We have a son who is newly diagnosed with ASD and we are looking into things that we can do to proactively support him and help him manage his autism in a way that he can accept, without feeling disabled by it. Hoping to tap into ideas for therapies and interventions that have worked for other people, or something they wished they had tried or were offered when they were younger.
As a family we have a positive attitude to the diagnosis. His main difficulties are around anxiety and emotional well-being - he struggles with emotional literacy and reading the emotional tone of other people. He is also very literal and struggles to maintain an internal monologue, which means he often vocalises at inappropriate times. Add into this, difficulties in concentration.
This is a bit of a learning curve for us and we are open to ideas.
Vicki said:Hoping to tap into ideas for therapies and interventions that have worked for other people, or something they wished they had tried or were offered when they were younger.
Try perhaps reading The Complete Guide to Asperger's Syndrome by Tony Attwood, which I found extremely useful after my diagnosis, as which costs just under twenty pounds sterling, if one can afford it, or if not here is a free PDF link:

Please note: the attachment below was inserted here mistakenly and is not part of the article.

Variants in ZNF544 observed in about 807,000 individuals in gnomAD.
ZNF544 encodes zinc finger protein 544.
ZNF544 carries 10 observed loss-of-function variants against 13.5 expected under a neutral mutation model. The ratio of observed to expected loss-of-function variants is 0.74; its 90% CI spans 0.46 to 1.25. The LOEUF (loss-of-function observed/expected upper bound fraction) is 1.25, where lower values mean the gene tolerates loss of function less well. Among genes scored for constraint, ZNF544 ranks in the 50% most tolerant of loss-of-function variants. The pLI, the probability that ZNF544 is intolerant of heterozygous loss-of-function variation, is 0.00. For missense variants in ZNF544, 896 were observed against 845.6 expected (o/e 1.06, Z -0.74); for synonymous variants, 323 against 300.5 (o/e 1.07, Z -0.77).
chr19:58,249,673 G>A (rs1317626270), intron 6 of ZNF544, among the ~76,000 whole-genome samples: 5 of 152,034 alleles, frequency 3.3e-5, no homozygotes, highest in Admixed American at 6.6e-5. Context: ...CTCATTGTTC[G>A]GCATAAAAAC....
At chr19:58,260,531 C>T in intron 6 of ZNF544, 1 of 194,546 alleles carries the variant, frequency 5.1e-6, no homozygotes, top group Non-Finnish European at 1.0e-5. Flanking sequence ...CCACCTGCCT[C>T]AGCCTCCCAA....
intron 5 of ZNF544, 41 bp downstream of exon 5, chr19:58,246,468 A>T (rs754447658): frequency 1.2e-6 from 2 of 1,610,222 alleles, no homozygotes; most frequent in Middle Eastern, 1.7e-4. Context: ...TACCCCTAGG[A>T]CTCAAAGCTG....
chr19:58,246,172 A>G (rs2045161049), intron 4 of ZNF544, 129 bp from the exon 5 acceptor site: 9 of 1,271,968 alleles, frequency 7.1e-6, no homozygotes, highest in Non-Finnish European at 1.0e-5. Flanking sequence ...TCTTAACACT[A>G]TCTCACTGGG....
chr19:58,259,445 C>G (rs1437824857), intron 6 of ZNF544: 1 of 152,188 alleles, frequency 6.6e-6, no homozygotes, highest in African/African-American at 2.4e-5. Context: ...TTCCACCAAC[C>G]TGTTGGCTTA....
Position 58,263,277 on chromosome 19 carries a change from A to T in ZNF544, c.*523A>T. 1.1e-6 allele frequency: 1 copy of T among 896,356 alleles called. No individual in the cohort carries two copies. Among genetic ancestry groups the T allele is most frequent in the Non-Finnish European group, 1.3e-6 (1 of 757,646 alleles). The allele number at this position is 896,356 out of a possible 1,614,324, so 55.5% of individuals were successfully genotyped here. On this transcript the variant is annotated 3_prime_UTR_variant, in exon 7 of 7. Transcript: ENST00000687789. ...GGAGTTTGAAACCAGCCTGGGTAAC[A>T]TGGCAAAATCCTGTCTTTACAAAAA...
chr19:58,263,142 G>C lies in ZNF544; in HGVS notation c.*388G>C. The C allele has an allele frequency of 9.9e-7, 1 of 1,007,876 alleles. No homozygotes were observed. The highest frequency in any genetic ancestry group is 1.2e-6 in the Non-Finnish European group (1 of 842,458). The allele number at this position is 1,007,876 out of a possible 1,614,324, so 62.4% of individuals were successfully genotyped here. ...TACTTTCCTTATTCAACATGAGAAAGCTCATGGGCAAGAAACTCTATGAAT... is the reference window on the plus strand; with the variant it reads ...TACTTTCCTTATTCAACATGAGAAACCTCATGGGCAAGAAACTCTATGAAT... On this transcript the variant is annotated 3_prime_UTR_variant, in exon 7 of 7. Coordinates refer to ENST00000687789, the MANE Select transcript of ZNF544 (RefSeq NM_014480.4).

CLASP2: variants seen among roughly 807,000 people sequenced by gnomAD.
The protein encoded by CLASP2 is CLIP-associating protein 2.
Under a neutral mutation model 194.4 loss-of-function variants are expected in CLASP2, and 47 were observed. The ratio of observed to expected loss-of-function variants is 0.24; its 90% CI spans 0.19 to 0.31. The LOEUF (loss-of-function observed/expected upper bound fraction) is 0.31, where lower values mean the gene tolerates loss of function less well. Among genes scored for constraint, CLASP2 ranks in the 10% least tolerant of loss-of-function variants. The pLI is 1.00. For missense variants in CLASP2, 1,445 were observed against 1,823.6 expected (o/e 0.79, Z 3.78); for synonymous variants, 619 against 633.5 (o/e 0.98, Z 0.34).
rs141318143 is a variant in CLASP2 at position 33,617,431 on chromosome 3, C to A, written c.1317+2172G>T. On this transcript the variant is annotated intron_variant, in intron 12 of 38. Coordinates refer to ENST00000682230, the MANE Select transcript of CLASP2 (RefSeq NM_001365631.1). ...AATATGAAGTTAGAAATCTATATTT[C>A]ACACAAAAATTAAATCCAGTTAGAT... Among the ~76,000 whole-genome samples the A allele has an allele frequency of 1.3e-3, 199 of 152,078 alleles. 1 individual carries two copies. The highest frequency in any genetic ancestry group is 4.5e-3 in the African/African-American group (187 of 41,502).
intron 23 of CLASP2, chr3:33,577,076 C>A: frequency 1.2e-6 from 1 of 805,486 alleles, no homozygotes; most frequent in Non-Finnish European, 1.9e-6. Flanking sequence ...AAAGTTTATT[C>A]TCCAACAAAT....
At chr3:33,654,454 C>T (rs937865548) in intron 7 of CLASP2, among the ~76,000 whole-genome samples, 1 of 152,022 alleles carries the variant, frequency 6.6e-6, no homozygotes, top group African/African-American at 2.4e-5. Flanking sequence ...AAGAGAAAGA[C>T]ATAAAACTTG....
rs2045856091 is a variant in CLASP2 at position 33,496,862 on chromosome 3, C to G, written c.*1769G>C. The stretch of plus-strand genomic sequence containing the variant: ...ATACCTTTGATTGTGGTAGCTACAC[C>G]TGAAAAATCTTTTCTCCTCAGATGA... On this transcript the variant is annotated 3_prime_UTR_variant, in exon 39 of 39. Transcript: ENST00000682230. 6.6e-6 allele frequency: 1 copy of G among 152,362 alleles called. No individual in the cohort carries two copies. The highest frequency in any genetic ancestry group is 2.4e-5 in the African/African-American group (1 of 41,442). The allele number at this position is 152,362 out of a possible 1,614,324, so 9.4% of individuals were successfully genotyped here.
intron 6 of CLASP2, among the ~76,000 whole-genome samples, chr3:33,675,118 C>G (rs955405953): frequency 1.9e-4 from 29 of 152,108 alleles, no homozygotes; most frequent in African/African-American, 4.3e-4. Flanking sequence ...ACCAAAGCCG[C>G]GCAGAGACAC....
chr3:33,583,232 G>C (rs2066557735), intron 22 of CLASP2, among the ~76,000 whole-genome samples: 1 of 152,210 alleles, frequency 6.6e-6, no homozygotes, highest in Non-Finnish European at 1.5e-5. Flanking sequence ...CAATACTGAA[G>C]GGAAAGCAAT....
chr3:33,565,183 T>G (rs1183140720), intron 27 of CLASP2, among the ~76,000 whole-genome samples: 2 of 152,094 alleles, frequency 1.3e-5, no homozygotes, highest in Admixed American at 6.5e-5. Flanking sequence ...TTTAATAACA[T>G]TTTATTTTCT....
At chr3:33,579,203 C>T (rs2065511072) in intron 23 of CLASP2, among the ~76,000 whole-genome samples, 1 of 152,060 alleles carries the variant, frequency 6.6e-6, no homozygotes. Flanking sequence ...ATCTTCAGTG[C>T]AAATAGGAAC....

What support has he got in place? It all depends on your area but county inclusive can help with strategies in school
Gaining an understanding is a long process really, it would be useful to create notes on the seven areas and then identify what you can:-
I have a very useful presentation from the NAS show 2019 from Bethany Edwards about this which opened my eyes to areas I did not think about. I am recognised as being High Functioning Autism not yet diagnosed but showing many traits/behaviours to confirm that in light of others experienced with Neuro diverse people.
Neuro Tribes by Steve Silberman is also a good read as well as his TED Talk.
Purple Ella does some amazing videos on YouTube - it's definitely worth checking them out (sometimes she includes her children in the videos too). She's an autistic adult with three autistic children. Just watch each video before showing any to your son; some of them discuss adult themes. I love the practical tips she offers - hope you find them helpful.
I have found the Aspegers Experts website (https://www.aspergerexperts.com/) very useful. It's an American site but has been set up by people with ASD so the strategies put forward are practical and appropriate. There is a bit of a sales pitch running through it (Books, courses etc) but still plenty of free advice and videos :)